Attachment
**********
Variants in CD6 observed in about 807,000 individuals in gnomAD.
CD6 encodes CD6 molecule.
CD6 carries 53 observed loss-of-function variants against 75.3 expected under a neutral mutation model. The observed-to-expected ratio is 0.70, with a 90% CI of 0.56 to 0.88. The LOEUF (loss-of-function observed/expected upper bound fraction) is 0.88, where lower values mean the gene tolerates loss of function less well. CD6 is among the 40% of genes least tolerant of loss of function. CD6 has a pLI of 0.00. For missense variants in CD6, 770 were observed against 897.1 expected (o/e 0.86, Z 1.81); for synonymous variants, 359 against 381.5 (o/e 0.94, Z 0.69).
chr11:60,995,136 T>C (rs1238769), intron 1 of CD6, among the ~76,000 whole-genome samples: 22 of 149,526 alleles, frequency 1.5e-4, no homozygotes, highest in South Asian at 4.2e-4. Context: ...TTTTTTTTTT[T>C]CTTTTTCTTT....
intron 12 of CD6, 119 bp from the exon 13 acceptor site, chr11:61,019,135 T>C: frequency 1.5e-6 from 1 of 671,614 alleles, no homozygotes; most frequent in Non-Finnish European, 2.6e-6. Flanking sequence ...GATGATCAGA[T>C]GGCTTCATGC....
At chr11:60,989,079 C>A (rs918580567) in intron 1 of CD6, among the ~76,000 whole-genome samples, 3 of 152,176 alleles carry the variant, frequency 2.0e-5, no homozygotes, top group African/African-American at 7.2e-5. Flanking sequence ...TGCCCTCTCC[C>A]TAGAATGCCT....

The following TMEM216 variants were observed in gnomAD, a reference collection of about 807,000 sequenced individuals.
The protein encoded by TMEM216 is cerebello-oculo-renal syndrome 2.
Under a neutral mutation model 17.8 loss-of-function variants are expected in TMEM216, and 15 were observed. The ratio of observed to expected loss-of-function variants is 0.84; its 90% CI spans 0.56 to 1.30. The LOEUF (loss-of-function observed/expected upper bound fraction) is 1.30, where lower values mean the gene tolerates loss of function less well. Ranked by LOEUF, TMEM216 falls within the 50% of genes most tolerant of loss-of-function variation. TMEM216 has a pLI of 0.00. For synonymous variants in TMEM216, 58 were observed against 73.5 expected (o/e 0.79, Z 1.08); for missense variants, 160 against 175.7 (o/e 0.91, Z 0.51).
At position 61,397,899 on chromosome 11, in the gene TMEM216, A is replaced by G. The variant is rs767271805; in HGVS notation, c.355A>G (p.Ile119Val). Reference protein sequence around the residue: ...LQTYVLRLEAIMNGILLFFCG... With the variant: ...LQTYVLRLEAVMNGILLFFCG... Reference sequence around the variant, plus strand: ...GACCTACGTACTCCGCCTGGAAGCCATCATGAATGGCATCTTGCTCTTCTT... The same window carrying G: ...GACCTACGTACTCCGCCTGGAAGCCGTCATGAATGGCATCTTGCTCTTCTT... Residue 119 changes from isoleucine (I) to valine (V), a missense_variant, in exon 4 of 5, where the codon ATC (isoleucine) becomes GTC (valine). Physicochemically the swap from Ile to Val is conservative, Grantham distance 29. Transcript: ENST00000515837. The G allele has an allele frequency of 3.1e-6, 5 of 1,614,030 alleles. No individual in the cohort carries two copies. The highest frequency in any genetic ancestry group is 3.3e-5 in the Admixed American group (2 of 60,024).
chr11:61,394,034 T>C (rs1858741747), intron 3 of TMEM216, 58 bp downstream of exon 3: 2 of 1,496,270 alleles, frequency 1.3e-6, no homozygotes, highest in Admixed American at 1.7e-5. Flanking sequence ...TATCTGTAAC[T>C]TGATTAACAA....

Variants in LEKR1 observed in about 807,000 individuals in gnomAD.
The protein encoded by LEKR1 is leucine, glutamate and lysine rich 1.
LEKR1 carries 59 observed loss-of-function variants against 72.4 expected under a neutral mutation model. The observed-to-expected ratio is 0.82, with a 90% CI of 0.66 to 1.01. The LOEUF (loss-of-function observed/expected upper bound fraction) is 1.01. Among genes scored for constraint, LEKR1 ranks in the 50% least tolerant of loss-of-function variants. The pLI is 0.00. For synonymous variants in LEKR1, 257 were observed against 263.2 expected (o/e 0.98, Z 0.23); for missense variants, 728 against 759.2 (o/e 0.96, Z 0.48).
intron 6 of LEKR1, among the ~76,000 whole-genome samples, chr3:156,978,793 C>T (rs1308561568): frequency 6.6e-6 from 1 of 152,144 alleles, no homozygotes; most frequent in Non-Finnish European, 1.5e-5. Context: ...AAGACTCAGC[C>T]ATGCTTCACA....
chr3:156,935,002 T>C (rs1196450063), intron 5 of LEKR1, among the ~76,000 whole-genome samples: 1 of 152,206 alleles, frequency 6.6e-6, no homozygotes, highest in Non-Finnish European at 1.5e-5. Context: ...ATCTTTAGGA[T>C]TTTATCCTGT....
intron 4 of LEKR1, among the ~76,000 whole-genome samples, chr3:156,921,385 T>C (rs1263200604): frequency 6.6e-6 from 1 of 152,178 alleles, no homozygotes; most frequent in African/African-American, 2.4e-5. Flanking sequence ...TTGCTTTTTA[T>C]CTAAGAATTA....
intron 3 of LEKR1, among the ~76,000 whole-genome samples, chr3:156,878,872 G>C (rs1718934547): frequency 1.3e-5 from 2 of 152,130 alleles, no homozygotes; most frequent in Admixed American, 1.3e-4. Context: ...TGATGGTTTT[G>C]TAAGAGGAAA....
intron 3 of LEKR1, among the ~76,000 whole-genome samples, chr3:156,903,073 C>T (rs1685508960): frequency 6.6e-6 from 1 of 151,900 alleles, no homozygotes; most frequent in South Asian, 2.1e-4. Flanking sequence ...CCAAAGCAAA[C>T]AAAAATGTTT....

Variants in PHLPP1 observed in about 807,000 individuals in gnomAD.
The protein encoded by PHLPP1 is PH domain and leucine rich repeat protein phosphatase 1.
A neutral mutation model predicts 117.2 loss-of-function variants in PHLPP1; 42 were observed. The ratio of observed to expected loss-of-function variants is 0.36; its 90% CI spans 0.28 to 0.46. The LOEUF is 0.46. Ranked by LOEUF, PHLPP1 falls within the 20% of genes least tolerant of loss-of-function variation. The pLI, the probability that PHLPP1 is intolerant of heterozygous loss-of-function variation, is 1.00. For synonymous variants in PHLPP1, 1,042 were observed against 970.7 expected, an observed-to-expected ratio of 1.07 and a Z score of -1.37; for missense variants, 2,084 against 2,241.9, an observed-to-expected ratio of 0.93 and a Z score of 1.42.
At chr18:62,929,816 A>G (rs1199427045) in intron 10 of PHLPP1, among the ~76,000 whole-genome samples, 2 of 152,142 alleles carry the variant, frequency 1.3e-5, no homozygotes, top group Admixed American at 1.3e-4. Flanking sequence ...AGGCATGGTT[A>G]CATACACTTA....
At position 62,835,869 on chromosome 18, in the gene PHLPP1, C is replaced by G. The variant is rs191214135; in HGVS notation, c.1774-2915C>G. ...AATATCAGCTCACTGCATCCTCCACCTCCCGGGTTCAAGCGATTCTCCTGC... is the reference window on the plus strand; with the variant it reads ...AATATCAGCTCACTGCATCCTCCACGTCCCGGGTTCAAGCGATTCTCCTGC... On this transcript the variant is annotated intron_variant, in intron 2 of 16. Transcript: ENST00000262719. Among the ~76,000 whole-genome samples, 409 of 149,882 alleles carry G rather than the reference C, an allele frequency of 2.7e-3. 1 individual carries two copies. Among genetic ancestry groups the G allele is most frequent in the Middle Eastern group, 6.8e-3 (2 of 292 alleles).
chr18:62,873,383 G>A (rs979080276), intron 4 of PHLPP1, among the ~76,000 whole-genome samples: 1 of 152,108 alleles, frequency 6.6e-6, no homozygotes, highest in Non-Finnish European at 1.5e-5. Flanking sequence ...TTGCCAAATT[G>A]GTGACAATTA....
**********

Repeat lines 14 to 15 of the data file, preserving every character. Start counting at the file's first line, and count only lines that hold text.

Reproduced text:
LEKR1 carries 59 observed loss-of-function variants against 72.4 expected under a neutral mutation model. The observed-to-expected ratio is 0.82, with a 90% CI of 0.66 to 1.01. The LOEUF (loss-of-function observed/expected upper bound fraction) is 1.01. Among genes scored for constraint, LEKR1 ranks in the 50% least tolerant of loss-of-function variants. The pLI is 0.00. For synonymous variants in LEKR1, 257 were observed against 263.2 expected (o/e 0.98, Z 0.23); for missense variants, 728 against 759.2 (o/e 0.96, Z 0.48).
intron 6 of LEKR1, among the ~76,000 whole-genome samples, chr3:156,978,793 C>T (rs1308561568): frequency 6.6e-6 from 1 of 152,144 alleles, no homozygotes; most frequent in Non-Finnish European, 1.5e-5. Context: ...AAGACTCAGC[C>T]ATGCTTCACA....